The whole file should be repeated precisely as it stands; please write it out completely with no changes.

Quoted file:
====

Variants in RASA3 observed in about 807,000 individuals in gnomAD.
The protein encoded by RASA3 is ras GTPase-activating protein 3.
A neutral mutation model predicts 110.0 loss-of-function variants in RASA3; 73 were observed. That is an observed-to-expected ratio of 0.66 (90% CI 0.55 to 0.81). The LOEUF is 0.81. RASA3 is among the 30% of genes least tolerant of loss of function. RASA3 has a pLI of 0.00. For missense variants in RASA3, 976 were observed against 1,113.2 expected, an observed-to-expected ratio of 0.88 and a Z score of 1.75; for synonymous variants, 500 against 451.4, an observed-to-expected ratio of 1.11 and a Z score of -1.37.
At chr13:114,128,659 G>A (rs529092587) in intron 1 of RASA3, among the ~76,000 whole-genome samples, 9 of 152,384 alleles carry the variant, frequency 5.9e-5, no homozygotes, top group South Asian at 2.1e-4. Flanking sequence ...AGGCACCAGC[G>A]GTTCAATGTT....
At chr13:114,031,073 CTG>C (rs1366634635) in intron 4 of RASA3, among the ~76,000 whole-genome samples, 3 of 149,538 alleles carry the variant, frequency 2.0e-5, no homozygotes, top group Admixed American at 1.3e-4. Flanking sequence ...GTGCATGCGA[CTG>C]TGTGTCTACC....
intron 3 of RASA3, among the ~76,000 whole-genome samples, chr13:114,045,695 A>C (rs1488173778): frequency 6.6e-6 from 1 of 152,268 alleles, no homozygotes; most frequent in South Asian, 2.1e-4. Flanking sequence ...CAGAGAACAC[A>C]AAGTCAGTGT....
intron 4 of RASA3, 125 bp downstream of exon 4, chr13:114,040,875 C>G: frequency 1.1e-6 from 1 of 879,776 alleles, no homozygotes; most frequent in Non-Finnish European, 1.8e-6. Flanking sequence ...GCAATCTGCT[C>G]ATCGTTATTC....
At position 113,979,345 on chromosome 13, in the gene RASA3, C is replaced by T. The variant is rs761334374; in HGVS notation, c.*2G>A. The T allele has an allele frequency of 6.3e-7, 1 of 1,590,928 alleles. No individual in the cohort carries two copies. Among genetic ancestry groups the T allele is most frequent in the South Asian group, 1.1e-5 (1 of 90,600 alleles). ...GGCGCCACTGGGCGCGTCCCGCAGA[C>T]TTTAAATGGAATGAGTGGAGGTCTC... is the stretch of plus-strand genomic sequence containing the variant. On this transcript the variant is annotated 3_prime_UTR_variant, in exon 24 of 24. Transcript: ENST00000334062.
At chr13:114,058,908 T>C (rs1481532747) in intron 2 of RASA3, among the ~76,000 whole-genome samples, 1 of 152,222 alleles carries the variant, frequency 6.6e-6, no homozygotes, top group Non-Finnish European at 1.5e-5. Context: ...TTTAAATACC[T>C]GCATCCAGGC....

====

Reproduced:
Variants in RASA3 observed in about 807,000 individuals in gnomAD.
The protein encoded by RASA3 is ras GTPase-activating protein 3.
A neutral mutation model predicts 110.0 loss-of-function variants in RASA3; 73 were observed. That is an observed-to-expected ratio of 0.66 (90% CI 0.55 to 0.81). The LOEUF is 0.81. RASA3 is among the 30% of genes least tolerant of loss of function. RASA3 has a pLI of 0.00. For missense variants in RASA3, 976 were observed against 1,113.2 expected, an observed-to-expected ratio of 0.88 and a Z score of 1.75; for synonymous variants, 500 against 451.4, an observed-to-expected ratio of 1.11 and a Z score of -1.37.
At chr13:114,128,659 G>A (rs529092587) in intron 1 of RASA3, among the ~76,000 whole-genome samples, 9 of 152,384 alleles carry the variant, frequency 5.9e-5, no homozygotes, top group South Asian at 2.1e-4. Flanking sequence ...AGGCACCAGC[G>A]GTTCAATGTT....
At chr13:114,031,073 CTG>C (rs1366634635) in intron 4 of RASA3, among the ~76,000 whole-genome samples, 3 of 149,538 alleles carry the variant, frequency 2.0e-5, no homozygotes, top group Admixed American at 1.3e-4. Flanking sequence ...GTGCATGCGA[CTG>C]TGTGTCTACC....
intron 3 of RASA3, among the ~76,000 whole-genome samples, chr13:114,045,695 A>C (rs1488173778): frequency 6.6e-6 from 1 of 152,268 alleles, no homozygotes; most frequent in South Asian, 2.1e-4. Flanking sequence ...CAGAGAACAC[A>C]AAGTCAGTGT....
intron 4 of RASA3, 125 bp downstream of exon 4, chr13:114,040,875 C>G: frequency 1.1e-6 from 1 of 879,776 alleles, no homozygotes; most frequent in Non-Finnish European, 1.8e-6. Flanking sequence ...GCAATCTGCT[C>G]ATCGTTATTC....
At position 113,979,345 on chromosome 13, in the gene RASA3, C is replaced by T. The variant is rs761334374; in HGVS notation, c.*2G>A. The T allele has an allele frequency of 6.3e-7, 1 of 1,590,928 alleles. No individual in the cohort carries two copies. Among genetic ancestry groups the T allele is most frequent in the South Asian group, 1.1e-5 (1 of 90,600 alleles). ...GGCGCCACTGGGCGCGTCCCGCAGA[C>T]TTTAAATGGAATGAGTGGAGGTCTC... is the stretch of plus-strand genomic sequence containing the variant. On this transcript the variant is annotated 3_prime_UTR_variant, in exon 24 of 24. Transcript: ENST00000334062.
At chr13:114,058,908 T>C (rs1481532747) in intron 2 of RASA3, among the ~76,000 whole-genome samples, 1 of 152,222 alleles carries the variant, frequency 6.6e-6, no homozygotes, top group Non-Finnish European at 1.5e-5. Context: ...TTTAAATACC[T>C]GCATCCAGGC....